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Should you talk your friends out of going to law school?

Professional Responsibility?

By Leah Weaver

As new attorneys, we know that the legal job market is terrible. You can check out any of the numerous law school “scambloggers,” who’d be happy to tell you just how awful it is, or (for those who know that the plural of “anecdote” isn’t “data”) you can check out the recent post on , regarding lawyer overproduction.

So what do you do when someone tells you that they’re planning on going to law school? Encourage them to chase their dreams? Or start forwarding links to the scamblogs?

I currently know of two people who recently sat for the LSAT and are in the law school application process. I think they’re both going into the law for the right reasons and with reasonable expectations, so I think they’ll both be all right. Yet I find myself sending them links to articles and blog posts like this one, warning of the glut of young lawyers and the potentially ruinous debt load.

I asked my friend Howard this question, and unsurprisingly, he’s not encouraging people to follow their bliss to law school. He says, “unless they have a background that complements the JD, it’s not worth it. If they’re 22 and just out of undergrad that’s okay as well, as any graduate degree can cost a ton. But mid-30’s thinking of a new career… NNNOOOOOOO!!!!!”

So readers: how about you? I feel like we all know someone who, despite all evidence that it’s a terrible idea, is planning on attending law school. How do you approach the topic?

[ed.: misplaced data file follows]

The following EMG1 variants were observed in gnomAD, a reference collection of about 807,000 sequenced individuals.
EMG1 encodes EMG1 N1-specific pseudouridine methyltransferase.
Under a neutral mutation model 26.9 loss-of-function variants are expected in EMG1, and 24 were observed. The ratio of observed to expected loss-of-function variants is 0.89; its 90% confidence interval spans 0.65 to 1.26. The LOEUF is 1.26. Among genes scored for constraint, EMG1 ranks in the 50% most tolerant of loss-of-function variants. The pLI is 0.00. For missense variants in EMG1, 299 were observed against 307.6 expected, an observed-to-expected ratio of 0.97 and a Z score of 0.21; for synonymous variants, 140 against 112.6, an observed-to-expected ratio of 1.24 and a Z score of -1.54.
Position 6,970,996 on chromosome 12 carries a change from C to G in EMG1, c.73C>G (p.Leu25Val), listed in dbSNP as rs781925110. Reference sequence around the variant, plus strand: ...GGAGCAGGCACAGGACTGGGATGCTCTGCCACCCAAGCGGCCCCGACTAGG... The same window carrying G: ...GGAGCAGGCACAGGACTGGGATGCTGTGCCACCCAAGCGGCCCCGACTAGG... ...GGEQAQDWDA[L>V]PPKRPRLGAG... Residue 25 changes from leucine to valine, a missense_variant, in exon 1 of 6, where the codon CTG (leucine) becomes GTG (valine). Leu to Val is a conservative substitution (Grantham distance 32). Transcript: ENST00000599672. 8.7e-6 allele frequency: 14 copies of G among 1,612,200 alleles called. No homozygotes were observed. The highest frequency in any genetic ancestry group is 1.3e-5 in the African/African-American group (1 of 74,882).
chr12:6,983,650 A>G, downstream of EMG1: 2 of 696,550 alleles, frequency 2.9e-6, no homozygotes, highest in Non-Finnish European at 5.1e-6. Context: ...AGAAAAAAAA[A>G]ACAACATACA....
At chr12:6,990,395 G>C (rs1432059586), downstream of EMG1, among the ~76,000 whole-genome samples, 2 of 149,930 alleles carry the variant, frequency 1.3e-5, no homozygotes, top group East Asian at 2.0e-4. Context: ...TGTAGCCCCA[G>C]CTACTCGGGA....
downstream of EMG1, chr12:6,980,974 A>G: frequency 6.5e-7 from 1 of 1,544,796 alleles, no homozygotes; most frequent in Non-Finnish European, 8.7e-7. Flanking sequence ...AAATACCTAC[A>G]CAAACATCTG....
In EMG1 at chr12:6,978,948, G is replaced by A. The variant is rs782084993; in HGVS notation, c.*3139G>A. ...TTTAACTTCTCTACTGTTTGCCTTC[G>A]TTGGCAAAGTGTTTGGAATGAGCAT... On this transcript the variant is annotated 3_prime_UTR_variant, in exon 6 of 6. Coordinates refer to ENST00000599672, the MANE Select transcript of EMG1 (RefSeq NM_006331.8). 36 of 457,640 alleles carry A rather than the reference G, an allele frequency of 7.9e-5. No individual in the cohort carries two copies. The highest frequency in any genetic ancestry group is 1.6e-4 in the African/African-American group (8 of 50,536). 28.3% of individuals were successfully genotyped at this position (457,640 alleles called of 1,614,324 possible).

1. I have a friend who is moving back to the midwest for law school. I know he’s been thinking about it for a long time, so I don’t doubt his motives. I told him to go to the school that allows him to graduate with the least amount of debt and to avoid going to school in the Twin Cities because the market is hypercompetitive. He took my advice, so hopefully it works out for him.

  2. Why don’t people pursue real work anymore? How about plumbing, welding, car repair, brain surgery. You know, real stuff. No more law, p.r., organizing, hedge fund management (what is a hedge fund, anyway?).

  3. I ask them, “what do you want the JD to DO for you?” Oftentimes there is an idealist view of what it means to be an attorney. Before spending time and money running toward a dream, I help people think through what they hope to get from this achievement. In the process people either realize another (cheaper) path is even more likely to take them where they want to go, OR they get crystal clear on why law school is the only path. People who understand what they want from the degree from the start may make better choices along the way that help them get the elusive job. I ask the same question of those who ask me about pursuing a PhD.

  4. If you are a true friend, you will advise your friend not to go to law school. This field is severely over-glutted and the majority of new graduates will be unable to find jobs in the legal profession. Also, as a result of the intense competition, the quality of life in the legal field is bad. Even those lucky few who secure positions at large and medium-sized firms are overworked and unhappy.

    The other problem is that getting a JD will render you overqualified and unemployable for non-law jobs. Non-lawyer hiring managers believe that all lawyers are rich and successful (ala Hollywood) and will regard you as a complete loser for either being unable to find a job in such a hot field or for investing so much time and money in education not to use it in such a hot field.

    It’s almost laughable to read these positive non-scamblogs and to witness (often unemployed and underemployed) JDs falling all over themselves to project a positive outlook. In a way, lawyers, collectively, are their own worst enemies. Lawyers as a group are responsible for the worthless ABA which continues to accredit more law schools and for the lack of a real lawyers’ guild to look out for the bottom 90% of lawyers’ economic self interest.

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